Slash Film

In retrospect, it’s no surprise that “Everything Everywhere All At Once” received the breakout mainstream success that it enjoyed earlier this year. Audiences were clearly starved for the kind of high-concept, fantastical, and refreshingly original story that not even big-budget superhero movies could deliver. The added bonus of seeing the legendary Michelle Yeoh fully embody the role of Evelyn in all her varied multiversal forms certainly helped, priming the actor for perhaps her first Oscar nomination ever. But the secret weapon of the film, based on many of the glowing reactions to the latest mind-bending fever dream from directors Daniel Kwan and Daniel Scheinert (“Swiss Army Man”), would have to be the emotional, hilarious, and action-packed performance of Ke Huy Quan.

Devastatingly enough, Quan’s role in “Everything Everywhere All At Once” was his first in decades, largely because of the prevalent racism that drummed the talented actor out of the business altogether. This, of course, followed his promising start as a child actor in 1984’s “Indiana Jones and the Temple of Doom” as the beloved sidekick, Short Round. That legacy was never far from anyone’s minds during production of the Daniels’ latest film, though it ended up manifesting itself in the movie itself in truly unexpected ways. In one of the most hard-hitting scenes late in the story, Quan’s Waymond pours out his heart and underlines the film’s core message of being kind to one another with a show-stopping, passionate speech that takes full advantage of the actor’s emotional range.

According to the Daniels, Quan’s casting intersected with his most famous previous role in a serendipitous way — one that called back to another key Quan-centric moment decades before in “Temple of Doom.”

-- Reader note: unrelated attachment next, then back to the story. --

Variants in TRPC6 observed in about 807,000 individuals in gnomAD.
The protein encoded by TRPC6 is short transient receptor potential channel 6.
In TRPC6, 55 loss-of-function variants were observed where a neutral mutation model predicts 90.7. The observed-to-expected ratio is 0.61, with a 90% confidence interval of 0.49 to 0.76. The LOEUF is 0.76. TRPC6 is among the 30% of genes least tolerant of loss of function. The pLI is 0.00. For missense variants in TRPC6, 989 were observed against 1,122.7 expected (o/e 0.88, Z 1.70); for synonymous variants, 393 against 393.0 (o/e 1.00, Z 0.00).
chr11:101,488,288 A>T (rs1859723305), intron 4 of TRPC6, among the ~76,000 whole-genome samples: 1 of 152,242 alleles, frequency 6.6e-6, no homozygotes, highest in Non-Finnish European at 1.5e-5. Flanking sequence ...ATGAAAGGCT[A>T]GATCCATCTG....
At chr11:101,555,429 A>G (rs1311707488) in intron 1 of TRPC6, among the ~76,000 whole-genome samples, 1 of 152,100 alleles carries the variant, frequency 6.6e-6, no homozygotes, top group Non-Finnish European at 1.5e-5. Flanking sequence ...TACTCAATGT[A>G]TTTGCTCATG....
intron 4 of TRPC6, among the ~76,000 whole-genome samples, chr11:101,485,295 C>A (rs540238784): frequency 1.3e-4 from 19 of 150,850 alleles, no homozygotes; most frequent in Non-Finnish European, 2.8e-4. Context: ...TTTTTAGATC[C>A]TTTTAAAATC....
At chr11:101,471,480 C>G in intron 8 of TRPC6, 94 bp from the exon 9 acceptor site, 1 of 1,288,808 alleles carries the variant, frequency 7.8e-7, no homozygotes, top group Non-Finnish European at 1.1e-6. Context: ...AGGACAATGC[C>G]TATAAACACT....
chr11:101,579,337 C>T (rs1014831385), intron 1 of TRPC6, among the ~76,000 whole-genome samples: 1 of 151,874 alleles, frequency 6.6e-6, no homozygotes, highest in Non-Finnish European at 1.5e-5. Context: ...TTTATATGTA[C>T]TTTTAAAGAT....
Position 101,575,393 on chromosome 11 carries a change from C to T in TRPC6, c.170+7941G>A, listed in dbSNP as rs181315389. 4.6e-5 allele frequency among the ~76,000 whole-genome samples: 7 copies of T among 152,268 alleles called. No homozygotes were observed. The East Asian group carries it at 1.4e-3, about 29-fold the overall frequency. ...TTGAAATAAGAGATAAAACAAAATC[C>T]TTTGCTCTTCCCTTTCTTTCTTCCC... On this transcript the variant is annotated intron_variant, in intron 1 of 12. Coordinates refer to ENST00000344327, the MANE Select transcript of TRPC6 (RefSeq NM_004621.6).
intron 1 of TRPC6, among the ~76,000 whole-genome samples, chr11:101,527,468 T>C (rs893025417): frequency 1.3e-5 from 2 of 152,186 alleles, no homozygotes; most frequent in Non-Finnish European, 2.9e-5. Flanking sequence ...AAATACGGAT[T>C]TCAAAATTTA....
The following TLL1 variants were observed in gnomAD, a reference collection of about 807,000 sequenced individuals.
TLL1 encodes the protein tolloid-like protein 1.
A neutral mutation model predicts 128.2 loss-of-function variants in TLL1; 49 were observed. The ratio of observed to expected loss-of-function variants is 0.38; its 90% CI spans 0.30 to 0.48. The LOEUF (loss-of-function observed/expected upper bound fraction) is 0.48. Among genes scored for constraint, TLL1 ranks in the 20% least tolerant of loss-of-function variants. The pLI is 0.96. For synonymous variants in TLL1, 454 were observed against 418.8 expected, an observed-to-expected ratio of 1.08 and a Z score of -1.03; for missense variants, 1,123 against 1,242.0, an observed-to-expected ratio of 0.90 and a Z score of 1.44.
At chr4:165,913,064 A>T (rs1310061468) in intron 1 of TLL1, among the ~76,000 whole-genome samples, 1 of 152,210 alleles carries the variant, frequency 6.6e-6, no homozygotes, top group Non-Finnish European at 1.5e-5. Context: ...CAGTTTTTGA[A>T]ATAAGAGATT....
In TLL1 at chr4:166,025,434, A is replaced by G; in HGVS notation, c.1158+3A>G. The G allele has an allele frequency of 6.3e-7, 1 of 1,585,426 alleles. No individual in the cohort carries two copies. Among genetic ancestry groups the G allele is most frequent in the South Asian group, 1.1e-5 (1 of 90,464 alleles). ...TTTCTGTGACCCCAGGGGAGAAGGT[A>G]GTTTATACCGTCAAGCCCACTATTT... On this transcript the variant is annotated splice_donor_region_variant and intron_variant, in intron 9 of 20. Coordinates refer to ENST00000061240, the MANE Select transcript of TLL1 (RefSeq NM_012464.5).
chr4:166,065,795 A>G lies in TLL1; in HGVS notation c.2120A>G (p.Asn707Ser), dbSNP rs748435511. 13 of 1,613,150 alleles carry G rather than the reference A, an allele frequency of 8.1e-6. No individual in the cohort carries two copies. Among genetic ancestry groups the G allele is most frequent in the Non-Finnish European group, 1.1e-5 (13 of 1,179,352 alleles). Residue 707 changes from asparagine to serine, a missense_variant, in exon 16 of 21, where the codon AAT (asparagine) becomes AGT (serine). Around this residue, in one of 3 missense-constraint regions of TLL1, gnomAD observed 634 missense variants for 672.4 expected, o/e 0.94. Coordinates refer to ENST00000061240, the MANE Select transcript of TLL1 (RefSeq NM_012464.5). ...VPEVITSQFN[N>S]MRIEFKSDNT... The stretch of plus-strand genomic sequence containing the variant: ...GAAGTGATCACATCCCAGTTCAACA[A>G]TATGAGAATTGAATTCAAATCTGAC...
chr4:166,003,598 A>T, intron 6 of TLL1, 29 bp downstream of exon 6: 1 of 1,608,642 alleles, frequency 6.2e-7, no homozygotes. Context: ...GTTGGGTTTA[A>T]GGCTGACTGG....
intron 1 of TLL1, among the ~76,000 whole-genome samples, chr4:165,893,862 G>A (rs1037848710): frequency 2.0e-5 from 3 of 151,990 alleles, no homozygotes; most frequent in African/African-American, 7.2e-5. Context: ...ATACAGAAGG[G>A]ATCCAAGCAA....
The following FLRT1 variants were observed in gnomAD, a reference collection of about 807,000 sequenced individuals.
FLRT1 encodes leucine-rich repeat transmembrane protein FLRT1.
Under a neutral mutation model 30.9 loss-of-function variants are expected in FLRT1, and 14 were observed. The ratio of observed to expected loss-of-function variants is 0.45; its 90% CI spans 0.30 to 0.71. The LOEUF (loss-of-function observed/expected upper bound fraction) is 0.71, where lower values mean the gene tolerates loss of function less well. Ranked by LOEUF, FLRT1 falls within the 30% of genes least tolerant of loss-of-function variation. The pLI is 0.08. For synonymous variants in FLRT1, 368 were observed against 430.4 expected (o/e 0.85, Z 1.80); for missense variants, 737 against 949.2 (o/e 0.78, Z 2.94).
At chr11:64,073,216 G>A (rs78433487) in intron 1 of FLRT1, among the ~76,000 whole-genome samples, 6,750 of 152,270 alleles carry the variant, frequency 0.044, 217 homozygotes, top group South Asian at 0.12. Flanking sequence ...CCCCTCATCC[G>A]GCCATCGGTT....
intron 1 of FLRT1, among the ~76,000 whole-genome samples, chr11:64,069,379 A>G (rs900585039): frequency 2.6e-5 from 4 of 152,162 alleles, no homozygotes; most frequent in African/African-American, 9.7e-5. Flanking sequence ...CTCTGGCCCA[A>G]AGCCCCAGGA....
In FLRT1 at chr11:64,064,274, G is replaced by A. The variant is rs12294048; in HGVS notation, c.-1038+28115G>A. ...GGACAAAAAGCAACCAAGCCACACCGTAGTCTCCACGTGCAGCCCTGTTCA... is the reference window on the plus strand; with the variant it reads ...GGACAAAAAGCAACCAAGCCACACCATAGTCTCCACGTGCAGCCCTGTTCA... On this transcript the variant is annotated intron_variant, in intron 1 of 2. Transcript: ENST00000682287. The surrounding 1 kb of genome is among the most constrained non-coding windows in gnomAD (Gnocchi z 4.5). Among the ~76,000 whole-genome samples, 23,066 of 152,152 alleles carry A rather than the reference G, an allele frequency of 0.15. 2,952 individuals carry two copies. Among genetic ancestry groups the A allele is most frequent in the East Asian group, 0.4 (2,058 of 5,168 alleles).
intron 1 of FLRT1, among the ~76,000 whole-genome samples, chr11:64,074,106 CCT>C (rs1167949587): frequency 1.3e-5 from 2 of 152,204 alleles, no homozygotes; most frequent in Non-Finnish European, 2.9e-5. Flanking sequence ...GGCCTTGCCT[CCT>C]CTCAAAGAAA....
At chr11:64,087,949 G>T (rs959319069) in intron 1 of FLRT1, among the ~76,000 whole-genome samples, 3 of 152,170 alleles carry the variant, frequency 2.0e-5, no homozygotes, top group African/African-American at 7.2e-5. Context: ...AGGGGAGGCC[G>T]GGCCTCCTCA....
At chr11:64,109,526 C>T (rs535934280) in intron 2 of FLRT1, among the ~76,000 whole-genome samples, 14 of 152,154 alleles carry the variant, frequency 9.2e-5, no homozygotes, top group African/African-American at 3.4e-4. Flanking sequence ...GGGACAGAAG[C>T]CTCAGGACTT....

‘Wait A Minute, Did We Just Rewrite The Scene From ‘Indiana Jones 2′?’

When you need a voice of reason to make a heartfelt plea for an end to fighting in your movie, the answer is clear: Simply cast Ke Huy Quan to deliver those lines. It worked in a pivotal moment of “Everything Everywhere All At Once,” but the actor pulled off a similar feat way back during his first career role, too. That eerie similarity didn’t escape the notice of the Daniels during filming, as they told The Wrap in a recent interview. According to Daniel Kwan:

“Waymond is sort of the secret heart of the movie. I remember while we were watching the sequence when he is trying to convince Michelle Yeoh to stop fighting and to be kind and he’s giving us a really emotional performance. It actually triggered a sense memory in me when I (thought), ‘Wait a minute, did we just rewrite the scene from ‘Indiana Jones 2’ where Short Round is talking to Harrison Ford ’cause (Indiana Jones) has gone evil, at the end of ‘Temple of Doom’? He’s been, like, voodooed, brainwashed or something. And he says (something like), ‘Indy! Indy! Please! Stop, stop fighting.’ I was like, ‘Whoa, this is bizarre.'”

Scheinert adds that, “While we were shooting, we started to reflect on how the whole movie was becoming this opportunity to show that all these Asian actors have so much more to offer than Hollywood has been giving them.” Though this applies to Yeoh and her co-stars James Hong and Harry Shung Jr., it also sums up Quan’s ability to return after decades of involuntary retirement and end up stealing every scene in “Everything Everywhere All At Once.”

Accidentally evoking “Indiana Jones” along the way only makes it even more special.

Read this next: The Best Movies Of 2022 So Far

The post How Everything Everywhere All At Once Accidentally Recreated A Scene From Indiana Jones And The Temple of Doom appeared first on /Film.

/Film – ‘Slash Film: How Everything Everywhere All At Once Accidentally Recreated A Scene From Indiana Jones And The Temple Of Doom’
Author: Jeremy Mathai
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November 15, 2022

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